The Book of Nehemiah is not just about rebuilding walls.  It is also about rebuilding our souls, bringing true spiritual reformation to the people of God.  One of the things we will see is that . . .

Nehemiah has an unassailable

Trust in the Word of God

To bring reformation to the people of God. 

Not only will we see that in his prayer life,

But also in his belief in and trust in

The sufficiency of God’s Word, the Bible.

Nowhere is that more evident than in Chapter 8.  And we will be learning about the people gathering together in the open square and calling for Ezra to read the Book of the Law to the people.  Nehemiah 8:2-3 says, “So Ezra the priest brought the Law before the assembly of men and women and all who could hear with understanding on the first day of the seventh month.  Then he read from it in the open square that was in the front of the water Gate from morning until midday …”  Trust in the authority of the Word of God to bring about spiritual reformation in the people of God.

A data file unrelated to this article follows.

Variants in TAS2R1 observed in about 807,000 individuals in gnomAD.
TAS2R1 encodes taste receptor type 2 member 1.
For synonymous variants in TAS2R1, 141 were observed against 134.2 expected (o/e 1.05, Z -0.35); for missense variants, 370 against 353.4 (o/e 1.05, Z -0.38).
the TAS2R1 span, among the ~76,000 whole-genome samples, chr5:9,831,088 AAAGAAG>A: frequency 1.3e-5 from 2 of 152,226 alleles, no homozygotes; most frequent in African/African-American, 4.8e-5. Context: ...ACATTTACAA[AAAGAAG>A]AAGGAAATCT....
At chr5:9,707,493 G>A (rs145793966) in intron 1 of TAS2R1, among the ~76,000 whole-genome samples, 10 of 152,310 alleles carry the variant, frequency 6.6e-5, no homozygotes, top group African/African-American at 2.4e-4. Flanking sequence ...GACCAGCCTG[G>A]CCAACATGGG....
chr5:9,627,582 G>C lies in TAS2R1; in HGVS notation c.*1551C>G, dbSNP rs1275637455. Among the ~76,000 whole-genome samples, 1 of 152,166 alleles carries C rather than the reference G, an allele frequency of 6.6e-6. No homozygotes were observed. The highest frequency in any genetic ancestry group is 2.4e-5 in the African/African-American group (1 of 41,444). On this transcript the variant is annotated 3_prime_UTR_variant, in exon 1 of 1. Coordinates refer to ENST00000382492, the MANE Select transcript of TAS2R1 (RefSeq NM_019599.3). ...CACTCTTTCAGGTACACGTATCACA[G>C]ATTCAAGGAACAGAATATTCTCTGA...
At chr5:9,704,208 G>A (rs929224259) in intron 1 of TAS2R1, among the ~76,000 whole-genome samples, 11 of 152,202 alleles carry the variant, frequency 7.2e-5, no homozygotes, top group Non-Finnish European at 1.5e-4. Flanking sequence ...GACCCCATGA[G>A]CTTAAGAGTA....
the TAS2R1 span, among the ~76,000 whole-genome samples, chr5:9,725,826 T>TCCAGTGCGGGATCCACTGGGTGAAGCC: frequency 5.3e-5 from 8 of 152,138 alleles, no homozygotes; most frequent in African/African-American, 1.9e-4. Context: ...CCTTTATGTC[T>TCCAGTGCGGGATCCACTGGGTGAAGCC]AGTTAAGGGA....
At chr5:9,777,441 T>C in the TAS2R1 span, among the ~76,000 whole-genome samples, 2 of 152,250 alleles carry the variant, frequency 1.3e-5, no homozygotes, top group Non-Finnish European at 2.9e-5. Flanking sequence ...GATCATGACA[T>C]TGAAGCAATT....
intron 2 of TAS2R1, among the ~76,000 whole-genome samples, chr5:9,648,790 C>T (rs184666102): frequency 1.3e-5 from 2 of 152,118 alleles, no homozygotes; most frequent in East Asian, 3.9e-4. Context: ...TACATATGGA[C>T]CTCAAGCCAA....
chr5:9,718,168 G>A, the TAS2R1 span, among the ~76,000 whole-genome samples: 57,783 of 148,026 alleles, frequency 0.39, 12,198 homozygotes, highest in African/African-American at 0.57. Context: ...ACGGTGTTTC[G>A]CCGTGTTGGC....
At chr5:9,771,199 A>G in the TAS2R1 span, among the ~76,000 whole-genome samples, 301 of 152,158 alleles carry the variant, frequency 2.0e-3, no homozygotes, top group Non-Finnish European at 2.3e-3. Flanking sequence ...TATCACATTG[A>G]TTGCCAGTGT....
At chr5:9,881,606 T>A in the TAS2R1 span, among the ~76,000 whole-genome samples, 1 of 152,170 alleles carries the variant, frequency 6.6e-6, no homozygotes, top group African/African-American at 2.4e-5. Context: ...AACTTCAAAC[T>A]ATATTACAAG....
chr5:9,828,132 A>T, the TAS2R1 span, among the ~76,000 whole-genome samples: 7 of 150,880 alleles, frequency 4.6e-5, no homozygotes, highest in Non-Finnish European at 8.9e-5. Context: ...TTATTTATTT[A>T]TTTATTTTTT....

Nehemiah 8:5-6 goes on to say, “And Ezra opened the book in the sight of all the people, for he was standing above all the people; and when he opened it, all the people stood up.  And Ezra blessed the Lord, the great God.  Then all the people answered, ‘Amen, Amen!’ while lifting up their hands.  And they bowed their heads and worshiped the Lord with their faces to the ground.”  Others are also enlisted to explain the word of God to the people . . . Nehemiah 8:8-9 state, “So they read distinctly from the book, in the Law of God; and they gave the sense, and helped them to understand the reading.  And Nehemiah, who was the governor, Ezra the priest and scribe, and the Levites who taught the people said to all the people, ‘This day is holy to the Lord your God; do not mourn nor weep.’  For all the people wept, when they heard the words of the Law.”

The Word brought conviction upon them!  When was the last time you wept as you read the Word of God?  We will be learning about trusting God to do the work of spiritual reformation by reading and understanding the Word of God.